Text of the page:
Amsterdam is a fantastic destination any time of year. The weather in the Dutch capital is typically Western European, which means January and February tend to be the coldest months of the year. But they're also the quietest in terms of tourism, and the time of year when you're most likely to get the best deals to go and visit. Plus, with most of Amsterdam designated as a UNESCO Heritage Site, so it's beautiful - no matter how low the thermometer goes. Winter brings you plenty of festive treats such as cute markets and dazzling light festivals, while you end the day with hearty Dutch cuisine that was made for those cold evenings. From exciting museum events to celebrating the New Year, there are plenty of things to do in Amsterdam in winter. Grab a hat and scarf and enjoy the twinkling lights of the Dutch capital at the end of the year. If you’re inspired, take a look at our fantastic Amsterdam travel guide and start planning your next getaway.
The I Amsterdam City Card really comes into its own during winter, as you get free access to the major museums (although you only get a discount at the Rijksmuseum) and unlimited transport options. The passes last one, two, three or four days and include a canal cruise. You can get it delivered or pick it up at the airport or the main train station.
As you can see from the picture above, if the temperature remains at minus four centigrade for four nights in a row, Amsterdammers can take to the canals on foot or skates. The council stop traffic at certain spots so the boats don't break the ice. However if the winter's mild, don't worry, there are plenty of other ice skating options always open. If you've got some stamina, visit the Jaap Eden ice skating rink (Oct-Mar) - the route is a 400m loop.
There are also good rainy-day options including bowling or laser gaming at the new Lovers Power Zone, or browsing the books at the Bibliotheek: the city’s library has a whole floor dedicated to kids’ activities, with plenty of reading material in English.
Amsterdam has some superb city centre parks and gardens, and Vondelpark is one of the finest (and the largest). It's a little less busy in the colder months, but you can take a wander through the park - and even have a game of winter tennis if you don't mind removing a few layers. The Groot Melkhuis, which is open in the winter (Wed-Sun), is a good place to stop for a warming cup of coffee - they even have a fireplace.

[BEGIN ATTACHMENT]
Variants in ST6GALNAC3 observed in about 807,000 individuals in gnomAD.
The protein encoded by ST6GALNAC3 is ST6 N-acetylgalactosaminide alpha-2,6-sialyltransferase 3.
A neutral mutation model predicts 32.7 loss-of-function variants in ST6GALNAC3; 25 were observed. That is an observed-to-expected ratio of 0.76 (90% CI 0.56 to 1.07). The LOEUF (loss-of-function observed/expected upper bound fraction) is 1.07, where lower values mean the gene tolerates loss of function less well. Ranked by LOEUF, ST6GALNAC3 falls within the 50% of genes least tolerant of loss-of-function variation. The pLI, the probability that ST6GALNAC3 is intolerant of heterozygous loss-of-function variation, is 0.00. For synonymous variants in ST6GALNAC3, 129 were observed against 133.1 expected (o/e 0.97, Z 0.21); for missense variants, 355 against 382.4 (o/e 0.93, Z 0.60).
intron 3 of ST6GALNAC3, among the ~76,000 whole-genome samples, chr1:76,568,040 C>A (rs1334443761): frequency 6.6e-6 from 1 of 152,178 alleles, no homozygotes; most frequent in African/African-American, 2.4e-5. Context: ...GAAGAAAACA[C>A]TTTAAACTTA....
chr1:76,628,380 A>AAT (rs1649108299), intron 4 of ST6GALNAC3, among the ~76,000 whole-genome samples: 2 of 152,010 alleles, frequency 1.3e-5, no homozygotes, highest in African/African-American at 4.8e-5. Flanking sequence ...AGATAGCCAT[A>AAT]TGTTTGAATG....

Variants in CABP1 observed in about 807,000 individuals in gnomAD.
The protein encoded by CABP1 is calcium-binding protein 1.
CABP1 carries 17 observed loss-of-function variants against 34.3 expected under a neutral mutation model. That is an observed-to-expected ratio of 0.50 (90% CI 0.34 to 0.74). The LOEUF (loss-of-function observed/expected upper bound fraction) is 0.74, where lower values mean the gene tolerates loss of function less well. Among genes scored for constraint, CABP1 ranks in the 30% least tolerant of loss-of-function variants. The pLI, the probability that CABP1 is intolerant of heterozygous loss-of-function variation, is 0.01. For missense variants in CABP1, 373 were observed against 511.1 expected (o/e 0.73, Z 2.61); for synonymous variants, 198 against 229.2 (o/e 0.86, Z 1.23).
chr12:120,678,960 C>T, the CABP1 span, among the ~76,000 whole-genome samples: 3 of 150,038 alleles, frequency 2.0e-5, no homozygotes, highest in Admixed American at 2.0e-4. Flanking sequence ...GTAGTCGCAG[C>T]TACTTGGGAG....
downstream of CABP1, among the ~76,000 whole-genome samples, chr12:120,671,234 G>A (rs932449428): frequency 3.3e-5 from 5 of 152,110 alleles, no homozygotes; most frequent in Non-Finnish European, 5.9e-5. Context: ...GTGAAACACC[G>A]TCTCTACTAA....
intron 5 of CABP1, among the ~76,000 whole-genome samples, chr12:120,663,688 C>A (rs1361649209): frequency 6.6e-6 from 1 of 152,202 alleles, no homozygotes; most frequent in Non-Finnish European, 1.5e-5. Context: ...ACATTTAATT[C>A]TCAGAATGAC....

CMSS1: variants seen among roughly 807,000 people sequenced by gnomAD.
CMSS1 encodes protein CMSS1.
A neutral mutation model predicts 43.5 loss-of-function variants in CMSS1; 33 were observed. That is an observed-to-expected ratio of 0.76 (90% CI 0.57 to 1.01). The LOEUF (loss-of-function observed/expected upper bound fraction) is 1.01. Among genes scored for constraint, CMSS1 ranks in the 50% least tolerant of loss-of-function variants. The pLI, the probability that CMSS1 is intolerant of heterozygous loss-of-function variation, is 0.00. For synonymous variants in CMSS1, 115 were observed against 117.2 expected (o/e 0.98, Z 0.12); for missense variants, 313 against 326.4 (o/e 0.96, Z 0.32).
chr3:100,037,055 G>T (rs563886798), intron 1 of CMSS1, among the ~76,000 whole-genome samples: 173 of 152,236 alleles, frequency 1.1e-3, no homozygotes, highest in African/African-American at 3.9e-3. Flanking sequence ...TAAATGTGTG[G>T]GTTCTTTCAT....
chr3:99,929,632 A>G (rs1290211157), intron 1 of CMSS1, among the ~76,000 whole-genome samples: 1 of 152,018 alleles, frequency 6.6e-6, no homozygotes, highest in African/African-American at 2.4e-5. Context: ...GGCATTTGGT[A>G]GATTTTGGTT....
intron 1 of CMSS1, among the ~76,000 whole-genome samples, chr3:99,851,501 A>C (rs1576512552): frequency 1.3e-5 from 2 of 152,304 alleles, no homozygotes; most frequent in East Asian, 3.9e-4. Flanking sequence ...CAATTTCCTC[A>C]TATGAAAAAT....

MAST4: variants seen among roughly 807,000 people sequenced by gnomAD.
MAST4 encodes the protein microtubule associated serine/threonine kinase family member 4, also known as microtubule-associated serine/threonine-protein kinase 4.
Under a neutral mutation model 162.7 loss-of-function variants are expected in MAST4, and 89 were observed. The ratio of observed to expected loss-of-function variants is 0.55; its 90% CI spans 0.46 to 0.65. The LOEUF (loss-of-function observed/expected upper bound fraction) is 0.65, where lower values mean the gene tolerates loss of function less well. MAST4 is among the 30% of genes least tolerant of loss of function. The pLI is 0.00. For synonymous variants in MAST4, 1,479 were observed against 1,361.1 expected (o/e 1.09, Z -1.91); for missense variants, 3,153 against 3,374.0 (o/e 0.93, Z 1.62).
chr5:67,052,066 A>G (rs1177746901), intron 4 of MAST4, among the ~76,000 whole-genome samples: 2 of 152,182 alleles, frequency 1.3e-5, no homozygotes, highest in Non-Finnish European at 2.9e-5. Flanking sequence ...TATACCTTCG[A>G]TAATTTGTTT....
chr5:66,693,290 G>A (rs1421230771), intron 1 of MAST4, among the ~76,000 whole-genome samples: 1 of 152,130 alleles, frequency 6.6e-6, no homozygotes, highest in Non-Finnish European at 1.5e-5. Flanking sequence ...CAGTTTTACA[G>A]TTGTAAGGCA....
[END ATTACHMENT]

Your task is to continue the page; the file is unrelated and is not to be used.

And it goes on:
The Dutch equivalent of a British pub is named due to their wood-panelled interiors and living-room look. Once inside, you can browse the beer options, sip a jenever (a gin-like spirit) and try a bar snack. Some date back to the 17th century, like the Café de Sluyswacht, which is in an old-fashioned townhouse which leans just a little, or Café Chris in the Jordaan neighbourhood.
Many of the cafes and restaurants in Amsterdam have a real fire to warm up in front of. Head upstairs in the historic Café de Wetering and grab a spot in front of their 17th century open hearth. Shipping containers might not sound inviting, but the refurbished ones at Pllek are worth a short boat ride to find a warm welcome in winter.
While for many, a trip to a "coffee shop" in Amsterdam is a rite of passage - make sure you familiarise yourself with the rules on soft drugs before heading in - there are around 150 shops to choose from.
If you want to see the seedier side of the city, then this famous tourist hot spot is the place to head to. The rosse buurt is actually one of the oldest parts of Amsterdam.